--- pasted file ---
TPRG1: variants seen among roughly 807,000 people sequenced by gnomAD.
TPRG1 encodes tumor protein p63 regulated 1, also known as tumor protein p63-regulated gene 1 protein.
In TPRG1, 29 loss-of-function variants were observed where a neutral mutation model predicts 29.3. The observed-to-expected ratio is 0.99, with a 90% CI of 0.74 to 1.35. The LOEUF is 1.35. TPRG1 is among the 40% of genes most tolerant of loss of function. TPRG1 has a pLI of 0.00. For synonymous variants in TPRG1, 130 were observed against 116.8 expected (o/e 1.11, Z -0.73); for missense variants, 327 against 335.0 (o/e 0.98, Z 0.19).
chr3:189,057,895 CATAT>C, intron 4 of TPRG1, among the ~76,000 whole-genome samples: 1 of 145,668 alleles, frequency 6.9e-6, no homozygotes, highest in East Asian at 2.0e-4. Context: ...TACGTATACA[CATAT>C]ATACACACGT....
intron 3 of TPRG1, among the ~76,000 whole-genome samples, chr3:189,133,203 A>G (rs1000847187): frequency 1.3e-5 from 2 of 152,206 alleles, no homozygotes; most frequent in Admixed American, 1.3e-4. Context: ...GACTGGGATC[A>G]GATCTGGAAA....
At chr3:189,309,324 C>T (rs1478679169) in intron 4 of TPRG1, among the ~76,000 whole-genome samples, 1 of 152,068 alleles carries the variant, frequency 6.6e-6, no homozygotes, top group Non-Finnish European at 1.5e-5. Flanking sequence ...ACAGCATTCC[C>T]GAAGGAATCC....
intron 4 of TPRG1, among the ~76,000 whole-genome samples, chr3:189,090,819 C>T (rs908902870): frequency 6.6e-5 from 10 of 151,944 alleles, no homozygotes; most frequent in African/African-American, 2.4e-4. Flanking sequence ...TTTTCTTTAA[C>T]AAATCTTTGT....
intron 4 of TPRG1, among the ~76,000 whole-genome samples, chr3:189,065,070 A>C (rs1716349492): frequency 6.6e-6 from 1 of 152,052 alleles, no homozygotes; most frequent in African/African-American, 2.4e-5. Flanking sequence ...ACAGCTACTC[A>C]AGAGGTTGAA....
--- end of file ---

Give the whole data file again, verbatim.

TPRG1: variants seen among roughly 807,000 people sequenced by gnomAD.
TPRG1 encodes tumor protein p63 regulated 1, also known as tumor protein p63-regulated gene 1 protein.
In TPRG1, 29 loss-of-function variants were observed where a neutral mutation model predicts 29.3. The observed-to-expected ratio is 0.99, with a 90% CI of 0.74 to 1.35. The LOEUF is 1.35. TPRG1 is among the 40% of genes most tolerant of loss of function. TPRG1 has a pLI of 0.00. For synonymous variants in TPRG1, 130 were observed against 116.8 expected (o/e 1.11, Z -0.73); for missense variants, 327 against 335.0 (o/e 0.98, Z 0.19).
chr3:189,057,895 CATAT>C, intron 4 of TPRG1, among the ~76,000 whole-genome samples: 1 of 145,668 alleles, frequency 6.9e-6, no homozygotes, highest in East Asian at 2.0e-4. Context: ...TACGTATACA[CATAT>C]ATACACACGT....
intron 3 of TPRG1, among the ~76,000 whole-genome samples, chr3:189,133,203 A>G (rs1000847187): frequency 1.3e-5 from 2 of 152,206 alleles, no homozygotes; most frequent in Admixed American, 1.3e-4. Context: ...GACTGGGATC[A>G]GATCTGGAAA....
At chr3:189,309,324 C>T (rs1478679169) in intron 4 of TPRG1, among the ~76,000 whole-genome samples, 1 of 152,068 alleles carries the variant, frequency 6.6e-6, no homozygotes, top group Non-Finnish European at 1.5e-5. Flanking sequence ...ACAGCATTCC[C>T]GAAGGAATCC....
intron 4 of TPRG1, among the ~76,000 whole-genome samples, chr3:189,090,819 C>T (rs908902870): frequency 6.6e-5 from 10 of 151,944 alleles, no homozygotes; most frequent in African/African-American, 2.4e-4. Flanking sequence ...TTTTCTTTAA[C>T]AAATCTTTGT....
intron 4 of TPRG1, among the ~76,000 whole-genome samples, chr3:189,065,070 A>C (rs1716349492): frequency 6.6e-6 from 1 of 152,052 alleles, no homozygotes; most frequent in African/African-American, 2.4e-5. Flanking sequence ...ACAGCTACTC[A>C]AGAGGTTGAA....